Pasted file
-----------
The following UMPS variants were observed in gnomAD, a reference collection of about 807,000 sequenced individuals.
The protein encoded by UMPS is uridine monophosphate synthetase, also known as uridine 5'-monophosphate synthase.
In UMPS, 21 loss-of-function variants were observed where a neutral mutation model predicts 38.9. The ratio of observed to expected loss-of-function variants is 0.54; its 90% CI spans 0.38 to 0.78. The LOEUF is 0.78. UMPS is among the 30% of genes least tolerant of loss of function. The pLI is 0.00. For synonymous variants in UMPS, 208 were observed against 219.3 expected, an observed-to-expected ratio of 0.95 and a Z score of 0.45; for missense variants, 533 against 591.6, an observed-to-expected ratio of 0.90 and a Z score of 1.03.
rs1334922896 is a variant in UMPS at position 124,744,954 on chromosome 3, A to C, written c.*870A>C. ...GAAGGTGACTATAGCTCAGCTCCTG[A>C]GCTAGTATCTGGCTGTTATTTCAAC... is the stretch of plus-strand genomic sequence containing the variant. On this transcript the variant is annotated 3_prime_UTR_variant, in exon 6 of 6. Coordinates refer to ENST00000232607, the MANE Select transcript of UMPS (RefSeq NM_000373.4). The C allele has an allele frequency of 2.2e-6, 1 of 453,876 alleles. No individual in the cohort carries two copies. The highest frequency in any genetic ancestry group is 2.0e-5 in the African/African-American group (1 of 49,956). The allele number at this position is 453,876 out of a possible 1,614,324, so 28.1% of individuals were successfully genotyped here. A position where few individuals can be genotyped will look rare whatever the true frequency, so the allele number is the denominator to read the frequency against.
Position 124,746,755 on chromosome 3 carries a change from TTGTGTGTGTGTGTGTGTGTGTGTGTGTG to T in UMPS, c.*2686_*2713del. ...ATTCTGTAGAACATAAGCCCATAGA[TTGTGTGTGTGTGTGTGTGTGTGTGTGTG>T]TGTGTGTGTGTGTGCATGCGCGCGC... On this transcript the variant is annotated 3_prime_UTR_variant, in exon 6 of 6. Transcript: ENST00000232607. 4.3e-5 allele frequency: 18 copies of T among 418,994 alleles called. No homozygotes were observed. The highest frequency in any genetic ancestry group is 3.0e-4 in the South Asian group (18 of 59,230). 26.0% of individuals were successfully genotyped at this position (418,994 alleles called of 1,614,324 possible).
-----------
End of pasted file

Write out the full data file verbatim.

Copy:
The following UMPS variants were observed in gnomAD, a reference collection of about 807,000 sequenced individuals.
The protein encoded by UMPS is uridine monophosphate synthetase, also known as uridine 5'-monophosphate synthase.
In UMPS, 21 loss-of-function variants were observed where a neutral mutation model predicts 38.9. The ratio of observed to expected loss-of-function variants is 0.54; its 90% CI spans 0.38 to 0.78. The LOEUF is 0.78. UMPS is among the 30% of genes least tolerant of loss of function. The pLI is 0.00. For synonymous variants in UMPS, 208 were observed against 219.3 expected, an observed-to-expected ratio of 0.95 and a Z score of 0.45; for missense variants, 533 against 591.6, an observed-to-expected ratio of 0.90 and a Z score of 1.03.
rs1334922896 is a variant in UMPS at position 124,744,954 on chromosome 3, A to C, written c.*870A>C. ...GAAGGTGACTATAGCTCAGCTCCTG[A>C]GCTAGTATCTGGCTGTTATTTCAAC... is the stretch of plus-strand genomic sequence containing the variant. On this transcript the variant is annotated 3_prime_UTR_variant, in exon 6 of 6. Coordinates refer to ENST00000232607, the MANE Select transcript of UMPS (RefSeq NM_000373.4). The C allele has an allele frequency of 2.2e-6, 1 of 453,876 alleles. No individual in the cohort carries two copies. The highest frequency in any genetic ancestry group is 2.0e-5 in the African/African-American group (1 of 49,956). The allele number at this position is 453,876 out of a possible 1,614,324, so 28.1% of individuals were successfully genotyped here. A position where few individuals can be genotyped will look rare whatever the true frequency, so the allele number is the denominator to read the frequency against.
Position 124,746,755 on chromosome 3 carries a change from TTGTGTGTGTGTGTGTGTGTGTGTGTGTG to T in UMPS, c.*2686_*2713del. ...ATTCTGTAGAACATAAGCCCATAGA[TTGTGTGTGTGTGTGTGTGTGTGTGTGTG>T]TGTGTGTGTGTGTGCATGCGCGCGC... On this transcript the variant is annotated 3_prime_UTR_variant, in exon 6 of 6. Transcript: ENST00000232607. 4.3e-5 allele frequency: 18 copies of T among 418,994 alleles called. No homozygotes were observed. The highest frequency in any genetic ancestry group is 3.0e-4 in the South Asian group (18 of 59,230). 26.0% of individuals were successfully genotyped at this position (418,994 alleles called of 1,614,324 possible).